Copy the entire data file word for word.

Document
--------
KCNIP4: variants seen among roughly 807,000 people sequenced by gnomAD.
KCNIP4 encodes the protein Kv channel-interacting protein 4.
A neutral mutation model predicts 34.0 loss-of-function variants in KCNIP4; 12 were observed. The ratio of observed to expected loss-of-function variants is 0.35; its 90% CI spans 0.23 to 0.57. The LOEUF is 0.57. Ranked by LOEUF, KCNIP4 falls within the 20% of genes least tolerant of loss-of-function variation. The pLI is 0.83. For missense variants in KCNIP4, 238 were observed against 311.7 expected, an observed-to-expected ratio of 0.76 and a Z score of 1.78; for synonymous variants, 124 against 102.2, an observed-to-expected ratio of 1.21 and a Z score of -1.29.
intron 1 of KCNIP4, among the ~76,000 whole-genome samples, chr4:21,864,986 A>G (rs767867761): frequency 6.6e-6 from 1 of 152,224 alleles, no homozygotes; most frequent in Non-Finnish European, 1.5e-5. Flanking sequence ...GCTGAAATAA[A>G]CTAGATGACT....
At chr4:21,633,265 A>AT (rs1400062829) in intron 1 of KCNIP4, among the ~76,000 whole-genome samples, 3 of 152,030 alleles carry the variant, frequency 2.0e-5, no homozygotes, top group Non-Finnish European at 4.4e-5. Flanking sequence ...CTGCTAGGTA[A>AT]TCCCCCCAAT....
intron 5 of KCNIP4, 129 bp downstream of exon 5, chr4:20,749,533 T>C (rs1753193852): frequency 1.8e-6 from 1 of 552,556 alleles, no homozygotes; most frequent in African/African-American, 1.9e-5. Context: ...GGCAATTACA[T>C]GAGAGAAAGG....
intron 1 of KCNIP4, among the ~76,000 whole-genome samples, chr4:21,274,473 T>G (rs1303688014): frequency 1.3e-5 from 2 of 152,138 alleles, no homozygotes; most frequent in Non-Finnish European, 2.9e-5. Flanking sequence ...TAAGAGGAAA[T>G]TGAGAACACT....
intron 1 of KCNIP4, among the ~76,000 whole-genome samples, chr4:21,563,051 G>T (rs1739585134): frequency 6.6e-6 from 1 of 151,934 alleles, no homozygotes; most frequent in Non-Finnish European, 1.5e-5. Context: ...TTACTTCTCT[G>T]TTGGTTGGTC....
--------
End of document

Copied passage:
KCNIP4: variants seen among roughly 807,000 people sequenced by gnomAD.
KCNIP4 encodes the protein Kv channel-interacting protein 4.
A neutral mutation model predicts 34.0 loss-of-function variants in KCNIP4; 12 were observed. The ratio of observed to expected loss-of-function variants is 0.35; its 90% CI spans 0.23 to 0.57. The LOEUF is 0.57. Ranked by LOEUF, KCNIP4 falls within the 20% of genes least tolerant of loss-of-function variation. The pLI is 0.83. For missense variants in KCNIP4, 238 were observed against 311.7 expected, an observed-to-expected ratio of 0.76 and a Z score of 1.78; for synonymous variants, 124 against 102.2, an observed-to-expected ratio of 1.21 and a Z score of -1.29.
intron 1 of KCNIP4, among the ~76,000 whole-genome samples, chr4:21,864,986 A>G (rs767867761): frequency 6.6e-6 from 1 of 152,224 alleles, no homozygotes; most frequent in Non-Finnish European, 1.5e-5. Flanking sequence ...GCTGAAATAA[A>G]CTAGATGACT....
At chr4:21,633,265 A>AT (rs1400062829) in intron 1 of KCNIP4, among the ~76,000 whole-genome samples, 3 of 152,030 alleles carry the variant, frequency 2.0e-5, no homozygotes, top group Non-Finnish European at 4.4e-5. Flanking sequence ...CTGCTAGGTA[A>AT]TCCCCCCAAT....
intron 5 of KCNIP4, 129 bp downstream of exon 5, chr4:20,749,533 T>C (rs1753193852): frequency 1.8e-6 from 1 of 552,556 alleles, no homozygotes; most frequent in African/African-American, 1.9e-5. Context: ...GGCAATTACA[T>C]GAGAGAAAGG....
intron 1 of KCNIP4, among the ~76,000 whole-genome samples, chr4:21,274,473 T>G (rs1303688014): frequency 1.3e-5 from 2 of 152,138 alleles, no homozygotes; most frequent in Non-Finnish European, 2.9e-5. Flanking sequence ...TAAGAGGAAA[T>G]TGAGAACACT....
intron 1 of KCNIP4, among the ~76,000 whole-genome samples, chr4:21,563,051 G>T (rs1739585134): frequency 6.6e-6 from 1 of 151,934 alleles, no homozygotes; most frequent in Non-Finnish European, 1.5e-5. Context: ...TTACTTCTCT[G>T]TTGGTTGGTC....